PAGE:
The members of the Knapely Women’s Institute (WI) in North Yorkshire, England have a few choice words they use to describe their Thursday gatherings at a local lodge: “Enlightenment, fun, and friendship.” In Nigel Cole’s “Calendar Girls” you will find fun and friendship, but Cole’s exhibition of certain truths about life won’t be anything you haven’t seen before. Still, Cole succeeds in convincingly recreating small-town life in England, replete with strong characters and some original laughs.

Best friends Anne (Julie Walters) and Chris (Helen Mirren) make up the center of our group of quaint English women who every Thursday hear from guest speakers on such stimulating topics as growing broccoli and the history of knit rugs. Life is well enough for these women, but, as anywhere in the world, harsh realities can hit Knapely too: Anne’s husband John (played smoothly by veteran actor John Alderton) is soon diagnosed with leukemia. As they watch Anne’s husband die, Walters and Mirren shine brightly on screen, creating a friendship that feels real and believable — the somewhat crass but sharp Chris comforting the defeated Anne. But the death of Anne’s husband is not simply a great loss to Anne; it resonates in the community and acts as a harsh wake-up to the women of the WI: they are aging.

Soon Chris comes up with an idea to raise money for the hospital while simultaneously giving Anne something to keep her mind from grief: a nude calendar of the women of the Knapely WI. It takes some convincing to find 11 models among the WI (December being an ensemble picture), but Chris and Anne succeed, even if they do ruffle a few feathers in the WI administration in the process. While Cole does a fine job of making Anne and Chris come across as modern characters and still preserves the rustic flavor of the English countryside, the other ladies of the calendar clan are overstated in their old-fashioned-ness. Throughout the movie WI calendar girl Ruth (Penelope Wilton) seems like a character straight out of Victorian literature in her homeliness and weakness before her husband. Eventually though, like all of the calendar girls, Ruth breaks out of her self-made mold and becomes a stronger person.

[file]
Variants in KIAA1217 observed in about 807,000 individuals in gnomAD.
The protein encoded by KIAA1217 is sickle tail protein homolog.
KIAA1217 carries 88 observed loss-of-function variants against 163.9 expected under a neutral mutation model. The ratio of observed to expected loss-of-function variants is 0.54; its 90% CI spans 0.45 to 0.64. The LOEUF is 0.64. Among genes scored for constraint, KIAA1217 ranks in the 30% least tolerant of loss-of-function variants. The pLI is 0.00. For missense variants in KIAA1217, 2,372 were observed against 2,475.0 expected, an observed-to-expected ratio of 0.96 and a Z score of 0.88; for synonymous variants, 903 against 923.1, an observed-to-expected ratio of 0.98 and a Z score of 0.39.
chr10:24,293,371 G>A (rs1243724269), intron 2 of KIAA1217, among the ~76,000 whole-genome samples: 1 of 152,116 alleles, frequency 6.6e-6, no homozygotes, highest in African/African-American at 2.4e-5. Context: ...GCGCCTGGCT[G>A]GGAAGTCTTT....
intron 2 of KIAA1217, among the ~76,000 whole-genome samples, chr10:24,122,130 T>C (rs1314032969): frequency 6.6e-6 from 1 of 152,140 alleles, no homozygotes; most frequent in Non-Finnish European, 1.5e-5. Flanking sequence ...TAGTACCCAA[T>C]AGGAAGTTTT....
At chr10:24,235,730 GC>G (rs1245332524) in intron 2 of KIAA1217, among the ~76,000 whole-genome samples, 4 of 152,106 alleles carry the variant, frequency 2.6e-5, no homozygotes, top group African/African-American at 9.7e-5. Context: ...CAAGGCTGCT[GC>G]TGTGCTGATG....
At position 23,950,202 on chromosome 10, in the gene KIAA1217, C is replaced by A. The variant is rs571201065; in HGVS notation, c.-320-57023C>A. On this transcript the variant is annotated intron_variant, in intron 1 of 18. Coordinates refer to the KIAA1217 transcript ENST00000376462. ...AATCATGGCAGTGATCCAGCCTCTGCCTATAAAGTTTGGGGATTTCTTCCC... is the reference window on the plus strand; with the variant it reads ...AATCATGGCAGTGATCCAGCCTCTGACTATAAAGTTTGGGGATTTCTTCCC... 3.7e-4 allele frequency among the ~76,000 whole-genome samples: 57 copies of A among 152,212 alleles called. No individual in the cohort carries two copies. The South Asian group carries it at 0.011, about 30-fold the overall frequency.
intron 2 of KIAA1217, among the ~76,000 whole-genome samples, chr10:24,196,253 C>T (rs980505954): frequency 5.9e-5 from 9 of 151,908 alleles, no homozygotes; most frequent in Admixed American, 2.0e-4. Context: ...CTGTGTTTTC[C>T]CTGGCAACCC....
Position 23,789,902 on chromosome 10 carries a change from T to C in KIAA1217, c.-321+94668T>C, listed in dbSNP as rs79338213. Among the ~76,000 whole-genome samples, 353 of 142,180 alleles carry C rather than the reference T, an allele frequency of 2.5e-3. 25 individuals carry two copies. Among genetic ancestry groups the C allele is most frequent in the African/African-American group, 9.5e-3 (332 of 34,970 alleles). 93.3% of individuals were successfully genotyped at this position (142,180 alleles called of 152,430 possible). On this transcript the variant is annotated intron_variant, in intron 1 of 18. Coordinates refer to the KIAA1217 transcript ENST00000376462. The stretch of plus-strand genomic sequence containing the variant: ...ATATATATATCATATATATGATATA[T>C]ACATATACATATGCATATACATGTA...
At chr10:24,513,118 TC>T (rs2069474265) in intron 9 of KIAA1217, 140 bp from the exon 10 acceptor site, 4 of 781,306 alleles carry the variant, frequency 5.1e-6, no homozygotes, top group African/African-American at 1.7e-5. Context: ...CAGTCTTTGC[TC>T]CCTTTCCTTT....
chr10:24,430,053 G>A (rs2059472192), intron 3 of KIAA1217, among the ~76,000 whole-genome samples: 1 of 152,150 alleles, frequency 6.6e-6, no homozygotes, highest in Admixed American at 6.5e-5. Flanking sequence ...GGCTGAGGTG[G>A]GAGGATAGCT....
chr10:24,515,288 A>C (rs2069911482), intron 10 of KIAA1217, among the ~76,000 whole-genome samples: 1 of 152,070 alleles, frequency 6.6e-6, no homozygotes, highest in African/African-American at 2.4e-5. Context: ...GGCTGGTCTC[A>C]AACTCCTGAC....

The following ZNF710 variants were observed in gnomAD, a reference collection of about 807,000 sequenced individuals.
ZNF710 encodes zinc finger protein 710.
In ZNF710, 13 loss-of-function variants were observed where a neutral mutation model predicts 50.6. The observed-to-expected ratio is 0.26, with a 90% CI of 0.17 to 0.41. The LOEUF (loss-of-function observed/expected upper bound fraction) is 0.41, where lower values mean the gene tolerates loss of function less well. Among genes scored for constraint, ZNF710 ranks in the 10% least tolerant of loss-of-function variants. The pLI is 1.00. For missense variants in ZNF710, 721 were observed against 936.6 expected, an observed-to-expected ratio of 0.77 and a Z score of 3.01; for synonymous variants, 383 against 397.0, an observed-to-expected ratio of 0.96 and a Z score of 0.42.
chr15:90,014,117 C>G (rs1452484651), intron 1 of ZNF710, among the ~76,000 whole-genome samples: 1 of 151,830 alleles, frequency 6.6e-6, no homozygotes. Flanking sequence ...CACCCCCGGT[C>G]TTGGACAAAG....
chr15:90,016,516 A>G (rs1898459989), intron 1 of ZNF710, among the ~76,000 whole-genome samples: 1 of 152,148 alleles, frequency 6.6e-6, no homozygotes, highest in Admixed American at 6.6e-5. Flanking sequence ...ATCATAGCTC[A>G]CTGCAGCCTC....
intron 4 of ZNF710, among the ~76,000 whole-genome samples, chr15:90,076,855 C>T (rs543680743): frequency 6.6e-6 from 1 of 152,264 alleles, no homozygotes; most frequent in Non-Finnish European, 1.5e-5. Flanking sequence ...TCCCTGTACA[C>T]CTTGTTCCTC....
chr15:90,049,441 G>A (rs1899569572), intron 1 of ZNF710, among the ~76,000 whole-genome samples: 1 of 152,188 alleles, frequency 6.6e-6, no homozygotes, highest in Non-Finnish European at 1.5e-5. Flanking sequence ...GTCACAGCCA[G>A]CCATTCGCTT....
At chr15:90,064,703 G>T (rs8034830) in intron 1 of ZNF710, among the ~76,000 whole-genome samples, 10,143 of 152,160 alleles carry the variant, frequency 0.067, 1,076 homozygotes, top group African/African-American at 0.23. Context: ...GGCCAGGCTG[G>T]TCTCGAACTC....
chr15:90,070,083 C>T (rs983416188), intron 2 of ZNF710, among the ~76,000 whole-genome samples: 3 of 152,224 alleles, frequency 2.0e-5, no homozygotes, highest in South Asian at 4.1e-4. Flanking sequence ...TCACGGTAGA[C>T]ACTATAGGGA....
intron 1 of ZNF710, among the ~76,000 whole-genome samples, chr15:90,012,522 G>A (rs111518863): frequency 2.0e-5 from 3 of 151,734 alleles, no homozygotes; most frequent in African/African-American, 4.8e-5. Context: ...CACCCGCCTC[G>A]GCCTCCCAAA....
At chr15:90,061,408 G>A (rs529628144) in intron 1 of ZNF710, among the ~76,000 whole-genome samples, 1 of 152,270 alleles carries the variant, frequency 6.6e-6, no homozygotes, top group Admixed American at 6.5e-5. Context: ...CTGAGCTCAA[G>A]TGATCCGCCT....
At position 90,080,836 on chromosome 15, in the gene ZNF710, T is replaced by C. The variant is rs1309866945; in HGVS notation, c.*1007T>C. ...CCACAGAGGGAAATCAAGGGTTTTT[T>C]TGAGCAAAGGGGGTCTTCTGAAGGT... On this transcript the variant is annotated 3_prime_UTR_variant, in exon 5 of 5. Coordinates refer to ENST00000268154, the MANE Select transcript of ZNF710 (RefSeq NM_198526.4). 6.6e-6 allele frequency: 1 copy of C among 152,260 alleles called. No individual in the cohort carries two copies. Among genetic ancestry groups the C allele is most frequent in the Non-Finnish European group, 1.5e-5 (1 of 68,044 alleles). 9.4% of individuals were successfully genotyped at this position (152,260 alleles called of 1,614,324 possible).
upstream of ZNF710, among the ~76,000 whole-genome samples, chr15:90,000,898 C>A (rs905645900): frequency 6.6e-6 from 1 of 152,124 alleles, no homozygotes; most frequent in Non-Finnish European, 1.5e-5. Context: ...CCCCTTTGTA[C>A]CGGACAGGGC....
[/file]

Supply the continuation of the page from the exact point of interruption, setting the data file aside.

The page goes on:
Also, up to this point Cole has put together a pretty story of small-town beauty and struggle, with some magnificent portrayals of north English geography and culture. But from here the movie moves through a seemingly endless series of mini-conflicts and resolutions, climaxes and conclusions, which do not compare to the original conflict. Chris’ own son finds himself the object of insults at school as a result of his mother’s ‘naked’ fame. Not surprisingly he becomes angry and rebellious and even has a run in with the local authorities. But like many little trials in the movie, this one lacks any sort of ending.

As the calendars gain popularity, so too do the women of the Knapely WI achieve celebrity status when the mass media descends on the small town (who would have thought! but still cute). You know how the story goes from here — the influence of fame brings with it the usual woes and friendships are strained. Despite its “based-on-a-true-story” legitimization, if it weren’t for the poise of Walters and Mirren, the movie would have lost its audience at this point. Through his endless subplots that lack conclusion and run nowhere, Cole simply stretches for too much.

While the conflicts of “Calendar Girls” may not be very original or explored in a new way, its laughs may feel fresh and comfortable to an American audience as in many British comedies like “The Full Monty” or the BBC’s syndicated “Keeping Up Appearances.” The film survives in its small moments. At one point early in the film Cole finds rich material in dispelling the mythical stereotype of the English housewife when Chris’ ineptitude in the kitchen is put on full display at a county fair. And when Cole finally does come round to concluding “Calendar Girls,” (if not two or three times) he does bring us back to what convinced us in the first place: a group of aging women who, through friendship, bring a smile back to their lives.